Thomas Ince was one of early Hollywood’s most pioneering producers—in fact, some credit him for popularizing “producer” as a job title and for codifying what it meant to do the job, as well as helping to develop the Western as a genre. But today, if Ince is remembered at all, it’s for his death aboard a yacht owned by William Randolph Hearst, amidst a star-studded party attended by Chaplin, writer Elinor Glyn, and actress/Hearst’s mistress Marion Davies. For decades, rumors have swirled that Ince was felled not by “acute indigestion,” as Hearst’s papers claimed, but by “a bullet hole in [his] head,” as Kenneth Anger put it. Who was Ince, what really happened on that yacht, and why have fictionalizations of his death (spread by Anger and others) flourished for so long?

Thomas Ince, Charlie Chaplin, Mack Sennett & D. W. Griffith, c. 1915

Thomas Ince, Charlie Chaplin, Mack Sennett & D. W. Griffith, c. 1915

SHOW NOTES:  

Sources:

This episode is a response to, and includes a brief excerpt from, Hollywood Babylon by Kenneth Anger.

Hearst Over Hollywood: Power, Passion, and Propaganda in the Movies (Film and Culture Series) by Louis Pizzitola

The First Lady of Hollywood: A Biography of Louella Parsons by Samantha Barbas

Thomas Ince: Hollywood's Independent Pioneer by Brian Taves  

Silent Stars by Jeanine Basinger

“The Chateau Elysee: Scientology's Celebrity Centre Before it Went Clear” by Hadley Meares, kcet.org, April 19, 2013

“Hollywood’s historic Villa Carlotta returns to rental market as upscale, Airbnb-style lodging, What about rent control?” by Jenna Chandler, la.curbed.com, June 1, 2018

Inceville, c. 1919

Inceville, c. 1919

Music:

Original music was composed for this episode by Evan Viola. Most of the rest of the music used in this episode, with the exception of the intro and outro, was sourced from royalty-free music libraries and licensed music collections. The intro includes a clip from the film Casablanca. The outro song this week is “Life Classes/Life Model” by The Auteurs.

Excerpts from the following songs were used throughout the episode:

The Smoke Room - Gunnar Johnsen  
Finkelstein’s Walk in the Rain - Per-Anders Nilsson
Dust Bowl 1 - Hakan Eriksson
Loser - Anders Ekengren
My Simple Thing 2 - Peter Sandberg
Whiskey Rondo - Hakan Eriksson
Paris Waltz - Hakan Eriksson
Time to Tango - Hakan Eriksson
Black and White - Magnus Ringblom Quartet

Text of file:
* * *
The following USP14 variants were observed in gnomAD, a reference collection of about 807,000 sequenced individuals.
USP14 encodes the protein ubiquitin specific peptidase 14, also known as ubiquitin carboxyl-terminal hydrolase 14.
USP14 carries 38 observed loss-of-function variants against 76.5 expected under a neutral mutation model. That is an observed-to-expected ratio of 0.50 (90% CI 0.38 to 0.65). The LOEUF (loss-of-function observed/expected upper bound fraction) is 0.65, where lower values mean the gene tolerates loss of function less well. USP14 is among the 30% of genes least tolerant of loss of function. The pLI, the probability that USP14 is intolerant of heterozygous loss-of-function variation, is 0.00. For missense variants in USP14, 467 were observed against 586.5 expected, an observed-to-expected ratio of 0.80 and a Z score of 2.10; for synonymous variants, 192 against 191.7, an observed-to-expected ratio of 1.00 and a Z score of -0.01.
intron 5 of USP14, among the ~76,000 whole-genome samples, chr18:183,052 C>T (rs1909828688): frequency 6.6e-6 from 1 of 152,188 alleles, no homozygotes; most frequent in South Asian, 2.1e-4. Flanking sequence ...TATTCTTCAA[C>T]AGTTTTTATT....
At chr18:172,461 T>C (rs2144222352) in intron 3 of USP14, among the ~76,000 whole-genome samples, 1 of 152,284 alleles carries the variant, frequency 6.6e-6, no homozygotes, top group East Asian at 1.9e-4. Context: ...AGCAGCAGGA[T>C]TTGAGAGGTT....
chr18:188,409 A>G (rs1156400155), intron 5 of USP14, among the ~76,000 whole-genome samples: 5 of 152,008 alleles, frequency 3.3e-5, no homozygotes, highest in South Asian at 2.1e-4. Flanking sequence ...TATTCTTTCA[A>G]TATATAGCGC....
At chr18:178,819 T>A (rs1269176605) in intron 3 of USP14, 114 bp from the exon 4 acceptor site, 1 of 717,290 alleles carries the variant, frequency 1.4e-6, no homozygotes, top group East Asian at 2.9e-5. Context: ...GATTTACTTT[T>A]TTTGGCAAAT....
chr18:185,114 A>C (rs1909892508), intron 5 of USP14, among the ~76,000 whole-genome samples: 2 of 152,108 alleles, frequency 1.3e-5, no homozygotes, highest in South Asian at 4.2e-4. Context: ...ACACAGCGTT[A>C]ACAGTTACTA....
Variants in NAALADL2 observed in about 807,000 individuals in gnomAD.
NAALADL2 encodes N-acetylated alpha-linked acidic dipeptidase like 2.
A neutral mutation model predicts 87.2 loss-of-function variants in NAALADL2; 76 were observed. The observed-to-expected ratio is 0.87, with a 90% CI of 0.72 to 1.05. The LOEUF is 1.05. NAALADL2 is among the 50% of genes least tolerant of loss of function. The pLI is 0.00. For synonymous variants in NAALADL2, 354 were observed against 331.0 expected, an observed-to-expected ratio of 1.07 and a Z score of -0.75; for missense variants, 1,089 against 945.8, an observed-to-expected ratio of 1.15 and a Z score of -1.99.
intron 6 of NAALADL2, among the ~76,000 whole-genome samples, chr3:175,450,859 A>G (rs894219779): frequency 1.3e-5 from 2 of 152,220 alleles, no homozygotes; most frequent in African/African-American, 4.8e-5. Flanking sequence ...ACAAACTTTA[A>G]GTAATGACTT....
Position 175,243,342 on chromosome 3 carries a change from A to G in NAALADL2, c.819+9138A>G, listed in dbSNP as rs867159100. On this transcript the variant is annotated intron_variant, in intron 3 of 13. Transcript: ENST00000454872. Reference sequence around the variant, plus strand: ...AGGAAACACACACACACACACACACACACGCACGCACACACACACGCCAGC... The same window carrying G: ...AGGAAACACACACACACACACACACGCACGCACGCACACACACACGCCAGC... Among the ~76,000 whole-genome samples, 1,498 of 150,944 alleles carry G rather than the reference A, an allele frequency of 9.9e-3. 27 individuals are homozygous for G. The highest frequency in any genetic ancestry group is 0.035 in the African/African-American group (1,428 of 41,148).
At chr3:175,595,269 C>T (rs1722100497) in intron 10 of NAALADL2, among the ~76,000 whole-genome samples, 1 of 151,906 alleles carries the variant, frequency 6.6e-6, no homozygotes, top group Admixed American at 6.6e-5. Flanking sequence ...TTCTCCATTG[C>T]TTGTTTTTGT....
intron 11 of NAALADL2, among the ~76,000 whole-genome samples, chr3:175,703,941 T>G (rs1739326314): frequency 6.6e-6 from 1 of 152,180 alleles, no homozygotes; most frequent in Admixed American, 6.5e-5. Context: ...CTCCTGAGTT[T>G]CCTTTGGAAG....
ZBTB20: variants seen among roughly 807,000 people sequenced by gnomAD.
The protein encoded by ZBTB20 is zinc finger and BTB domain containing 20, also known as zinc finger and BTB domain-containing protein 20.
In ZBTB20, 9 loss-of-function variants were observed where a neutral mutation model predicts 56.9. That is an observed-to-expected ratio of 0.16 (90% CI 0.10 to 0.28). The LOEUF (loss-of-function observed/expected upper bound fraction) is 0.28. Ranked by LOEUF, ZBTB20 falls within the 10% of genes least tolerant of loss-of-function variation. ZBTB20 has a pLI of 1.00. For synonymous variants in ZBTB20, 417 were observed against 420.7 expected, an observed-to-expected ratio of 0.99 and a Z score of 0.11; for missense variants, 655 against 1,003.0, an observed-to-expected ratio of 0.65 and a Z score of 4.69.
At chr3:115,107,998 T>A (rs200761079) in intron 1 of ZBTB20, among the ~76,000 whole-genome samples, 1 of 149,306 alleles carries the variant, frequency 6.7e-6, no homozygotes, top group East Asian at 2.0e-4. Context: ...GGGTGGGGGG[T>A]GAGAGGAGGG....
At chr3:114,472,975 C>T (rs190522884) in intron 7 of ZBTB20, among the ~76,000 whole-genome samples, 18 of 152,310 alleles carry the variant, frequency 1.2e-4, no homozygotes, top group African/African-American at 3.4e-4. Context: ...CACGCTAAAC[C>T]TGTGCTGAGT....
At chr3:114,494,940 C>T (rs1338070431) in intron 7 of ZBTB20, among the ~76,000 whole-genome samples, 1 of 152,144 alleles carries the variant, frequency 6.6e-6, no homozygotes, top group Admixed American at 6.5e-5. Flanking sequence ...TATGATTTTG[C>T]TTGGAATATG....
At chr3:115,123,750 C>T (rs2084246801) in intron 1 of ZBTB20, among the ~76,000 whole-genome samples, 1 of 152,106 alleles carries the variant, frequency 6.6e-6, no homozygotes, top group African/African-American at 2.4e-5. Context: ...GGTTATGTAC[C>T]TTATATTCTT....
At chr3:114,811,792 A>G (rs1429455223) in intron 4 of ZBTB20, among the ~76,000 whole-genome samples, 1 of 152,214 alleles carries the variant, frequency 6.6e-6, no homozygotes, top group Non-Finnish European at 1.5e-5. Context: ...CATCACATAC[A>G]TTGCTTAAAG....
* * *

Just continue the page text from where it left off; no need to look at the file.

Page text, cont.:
Bad News Piano 17 - Oscar Collin
Cluedo - Hakan Eriksson
Jazz and Blue Piano 1 - Jonaton Jarpehag

The Oneida, William Randolph Hearst's ship

The Oneida, William Randolph Hearst's ship

Credits:

Our special guest this week is Fred Savage.

This episode was written, narrated and produced by Karina Longworth.

Editors: Sam Dingman and Jacob Smith.

Research and production assistant: Lindsey D. Schoenholtz.

Social media assistant: Brendan Whalen.

Logo design: Teddy Blanks.

Thomas Ince Newspaper.png

Peggy Hopkins Joyce and Charlie Chaplin (Fake News: Fact-Checking Hollywood Babylon, Episode 8) by Karina Longworth

PeggyHopkinsJoyce c. 1933.jpg

Listen, download this episode, or find on iTunes.

The Kim Kardashian of her day, Peggy Hopkins Joyce was famous for being rich and famous—and for her marriages and involvements with rich and famous men, including Charlie Chaplin. Did Peggy really ask Chaplin on their first date if he was “hung like a horse?” We’ll investigate this and other claims made about the affair in Hollywood Babylon, and chart how the dalliance with Hopkins Joyce inspired Chaplin’s first dramatic film A Woman of Paris, and explain how a woman of the 1910s-1920s could come from nothing and become internationally famous before ever arriving in Hollywood.

Peggy Hopkins Joyce, c. 1920's

Peggy Hopkins Joyce, c. 1920's

Peggy Hopkins Joyce and Charlie Chaplin, c. 1922

Peggy Hopkins Joyce and Charlie Chaplin, c. 1922

Music:

Original music was composed for this episode by Evan Viola. Most of the rest of the music used in this episode, with the exception of the intro and outro, was sourced from royalty-free music libraries and licensed music collections. The intro includes a clip from the film Casablanca. The outro song this week is “I'm a Rich Man's Toy” by The Auteurs.